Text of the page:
So I went back to my room and got another set of posters and put them up. But this time, I found the dorm staff taking them down. (Only, they were taking them down neatly instead of tearing them down like whoever did it the first time.) I got upset and asked why: they said it was because these posters weren’t approved. They’d approved the ones that were torn down, but each individual poster had to be stamped with the approval stamp or it couldn’t be posted. So I explained what had happened… and was told that’s too bad, but the dorm office was closed for the weekend, and nothing could be approved until monday, two days after the dance. Mind you, these were the people with the keys, and the dorm office was just downstairs, not a mile away, they could have just approved some posters for me. Or they could have observed that these were the same as the posters they approved. But no, they were going to stick to the letter of the rules to give me a hard time.

    And this was in librul Boston, in a university with strict policies against anti-gay discrimination.

    So frankly, my take on the Alabama atheists chalking is, you chalked atheist messages in Alabama and you expected them to last more than 5 seconds? Consider it a lesson and be glad nobody hurt you. And next time bring an extra person with a video camera to video nonstop while you’re posting your messages, to capture footage of anyone who spits on you. Demand the police prosecute for assault and demand they be tested for HIV because, of course, their spit could have exposed you. (And because forcing them to get tested will help drill in the message that spitting on people is not acceptable.)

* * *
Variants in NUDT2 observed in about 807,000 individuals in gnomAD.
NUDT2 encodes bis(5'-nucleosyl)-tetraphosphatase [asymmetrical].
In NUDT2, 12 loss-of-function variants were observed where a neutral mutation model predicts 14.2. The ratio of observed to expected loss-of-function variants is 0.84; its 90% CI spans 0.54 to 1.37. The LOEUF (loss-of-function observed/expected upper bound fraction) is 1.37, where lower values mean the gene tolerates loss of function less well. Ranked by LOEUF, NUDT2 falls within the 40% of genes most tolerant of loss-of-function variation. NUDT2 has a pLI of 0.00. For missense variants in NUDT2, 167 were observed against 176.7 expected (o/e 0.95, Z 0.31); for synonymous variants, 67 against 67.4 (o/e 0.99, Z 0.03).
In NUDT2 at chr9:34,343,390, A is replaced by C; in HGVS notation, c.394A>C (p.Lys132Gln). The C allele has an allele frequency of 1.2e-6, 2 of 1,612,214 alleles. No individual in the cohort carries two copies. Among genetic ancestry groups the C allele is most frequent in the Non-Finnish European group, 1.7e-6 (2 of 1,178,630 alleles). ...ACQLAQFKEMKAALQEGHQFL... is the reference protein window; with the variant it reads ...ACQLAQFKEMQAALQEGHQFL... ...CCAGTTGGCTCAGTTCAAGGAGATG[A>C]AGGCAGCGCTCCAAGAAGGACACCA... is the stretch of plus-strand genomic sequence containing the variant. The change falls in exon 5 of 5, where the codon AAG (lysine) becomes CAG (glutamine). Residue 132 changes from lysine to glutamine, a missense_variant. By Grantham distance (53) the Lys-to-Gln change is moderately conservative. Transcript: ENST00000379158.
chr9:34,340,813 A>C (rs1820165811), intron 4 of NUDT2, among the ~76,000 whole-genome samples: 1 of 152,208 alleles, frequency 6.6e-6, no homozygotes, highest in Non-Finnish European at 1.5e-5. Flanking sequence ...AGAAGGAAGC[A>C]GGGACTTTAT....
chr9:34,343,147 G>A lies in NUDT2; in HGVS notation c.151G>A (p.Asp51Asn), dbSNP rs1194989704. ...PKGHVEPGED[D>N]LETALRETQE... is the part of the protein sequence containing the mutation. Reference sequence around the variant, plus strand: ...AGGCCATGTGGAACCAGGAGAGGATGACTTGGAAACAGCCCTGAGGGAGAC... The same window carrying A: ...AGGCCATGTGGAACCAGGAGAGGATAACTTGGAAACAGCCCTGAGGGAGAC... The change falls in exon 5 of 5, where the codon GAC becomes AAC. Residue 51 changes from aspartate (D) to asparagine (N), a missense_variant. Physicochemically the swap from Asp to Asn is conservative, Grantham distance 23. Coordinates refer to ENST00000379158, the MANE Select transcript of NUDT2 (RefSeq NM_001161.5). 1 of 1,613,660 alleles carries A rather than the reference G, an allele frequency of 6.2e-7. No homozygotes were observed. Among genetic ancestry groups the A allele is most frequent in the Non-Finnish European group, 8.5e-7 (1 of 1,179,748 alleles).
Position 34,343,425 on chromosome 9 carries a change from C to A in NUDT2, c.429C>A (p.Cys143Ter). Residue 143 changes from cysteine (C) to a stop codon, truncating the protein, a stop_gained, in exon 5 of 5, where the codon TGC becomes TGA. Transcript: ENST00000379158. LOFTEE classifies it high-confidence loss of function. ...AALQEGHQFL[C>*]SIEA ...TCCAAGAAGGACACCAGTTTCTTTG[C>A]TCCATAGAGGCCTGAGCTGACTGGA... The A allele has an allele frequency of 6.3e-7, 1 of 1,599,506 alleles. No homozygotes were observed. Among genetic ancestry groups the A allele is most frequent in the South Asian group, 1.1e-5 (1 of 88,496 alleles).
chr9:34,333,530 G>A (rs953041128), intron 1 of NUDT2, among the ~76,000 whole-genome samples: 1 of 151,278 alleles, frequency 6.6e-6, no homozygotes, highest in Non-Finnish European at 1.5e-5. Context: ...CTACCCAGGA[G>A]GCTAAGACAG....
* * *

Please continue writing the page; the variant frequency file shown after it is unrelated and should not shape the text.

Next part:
• Amy

    As a graduate of the University of Alabama, I will point out that, as the article in the paper mentioned, chalking isn’t allowed in the Ferguson Plaza. I’ve seen Christian groups’ messages cleaned off there. I’ve also seen other chalkings all over campus smudged away or altered, probably because of other students’ boredom. I’m not saying that there isn’t discrimination against non-religious people there, because there definitely is. I just think the AAA should follow the rules and not chalk in the plaza. On a side note, I used to smudge away religious or Greek messages I came across, mostly out of boredom, so I can’t really say I blame the people who erased the AAA messages. It’s pretty common at UA.

  • How many religious tracks found in public areas, including bathrooms have you disposed of?

  • jamssx

    There’s a BBC show called Topgear all about cars and they tend to do silly things. On one they had to drive across Alabama with signs on their cars. These included things like Support Gay Love and Hillary for President (it was long before the election). At one point they had to fill up, and despite the large film crew with them were basically chased out of town. It really showed the great acceptance a large amount of the population of Alabama has for things they disagree with…